Zuma has denied granting undue influence to the brothers and they have denied seeking it. Nevertheless, they said in August that they planned to exit all of their South African investments.
Several banks and companies have cut ties this year with the Gupta brothers’ investment vehicle, Oakbay Investments, without publicly disclosing their reasons. They included South Africa’s top four banks: Standard Bank, Nedbank, Barclays Africa’s Absa and First National Bank (FNB), part of FirstRand.
Gordhan says in his 96-page submission to the court that Oakbay “demanded that on behalf of the government I intervene with the banks to achieve a reversal of their decision”.
Gordhan supported his assertion by attaching correspondence between himself and Nazeem Howa, the chief executive of Oakbay Investments, although the letters viewed by Reuters did not appear to provide evidence of undue pressure.
Neither Howa nor the Treasury responded to requests for comment by phone and email, and an Oakbay spokesperson said the firm would not comment on the issue.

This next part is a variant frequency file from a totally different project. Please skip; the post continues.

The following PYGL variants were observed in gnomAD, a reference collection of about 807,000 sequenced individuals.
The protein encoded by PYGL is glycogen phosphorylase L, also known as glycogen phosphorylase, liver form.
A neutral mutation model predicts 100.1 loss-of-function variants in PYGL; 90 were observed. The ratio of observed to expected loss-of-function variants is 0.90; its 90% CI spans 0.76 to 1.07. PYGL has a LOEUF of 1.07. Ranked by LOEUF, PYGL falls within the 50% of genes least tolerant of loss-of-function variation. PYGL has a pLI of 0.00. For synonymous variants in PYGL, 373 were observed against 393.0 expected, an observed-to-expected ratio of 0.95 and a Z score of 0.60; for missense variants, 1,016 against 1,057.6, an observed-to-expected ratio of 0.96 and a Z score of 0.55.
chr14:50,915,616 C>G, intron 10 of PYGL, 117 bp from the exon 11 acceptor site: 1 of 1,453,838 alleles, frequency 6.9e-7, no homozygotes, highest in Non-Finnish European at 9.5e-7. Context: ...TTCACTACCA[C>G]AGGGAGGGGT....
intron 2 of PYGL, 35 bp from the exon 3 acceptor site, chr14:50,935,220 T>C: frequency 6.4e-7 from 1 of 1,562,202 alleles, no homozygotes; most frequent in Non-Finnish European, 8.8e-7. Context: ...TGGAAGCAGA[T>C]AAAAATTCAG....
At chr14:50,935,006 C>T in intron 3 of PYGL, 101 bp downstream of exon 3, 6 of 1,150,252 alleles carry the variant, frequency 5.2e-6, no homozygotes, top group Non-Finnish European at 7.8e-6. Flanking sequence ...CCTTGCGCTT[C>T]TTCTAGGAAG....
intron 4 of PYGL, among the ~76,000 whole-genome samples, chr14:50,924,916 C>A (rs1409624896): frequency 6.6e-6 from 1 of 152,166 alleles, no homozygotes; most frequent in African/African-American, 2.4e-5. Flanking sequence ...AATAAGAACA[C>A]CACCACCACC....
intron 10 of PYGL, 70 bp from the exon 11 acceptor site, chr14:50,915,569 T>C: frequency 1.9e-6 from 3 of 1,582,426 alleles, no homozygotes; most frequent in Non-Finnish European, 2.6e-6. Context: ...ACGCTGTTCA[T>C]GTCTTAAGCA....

A lawyer representing the Gupta family did not respond to an email seeking comment. However, on Sunday the Oakbay-controlled ANN7 television news network cited unnamed Oakbay sources as rejecting allegations of wrongdoing.
In one of the attached letters, Howa said that 7,500 jobs were at risk as the company could not function without the support of local banks.
“Given your strong relationship with the captains of industry, I implore you help us save the jobs ... I look forward to hearing from you about any possible assistance you are able to offer,” Howa wrote in the letter, dated April 17, 2016.
In another letter, dated May 24, Howa said “we seem to have no options open to us other than our appeal to you for assistance”.
Gordhan also included in his affidavit advice from his lawyers stating that no minister, nor the cabinet as a whole, had “any power to intervene in the banker-client relationship”.
The affidavit includes a report from the Financial Intelligence Centre (FIC), a government anti-money-laundering agency, listing 52 payments worth a total of 6.8 billion rand that were reported to the FIC between 2012 and 2016, presumably by the banks entrusted with them. It also included 20 cases of “multiple transactions” with no amounts specified.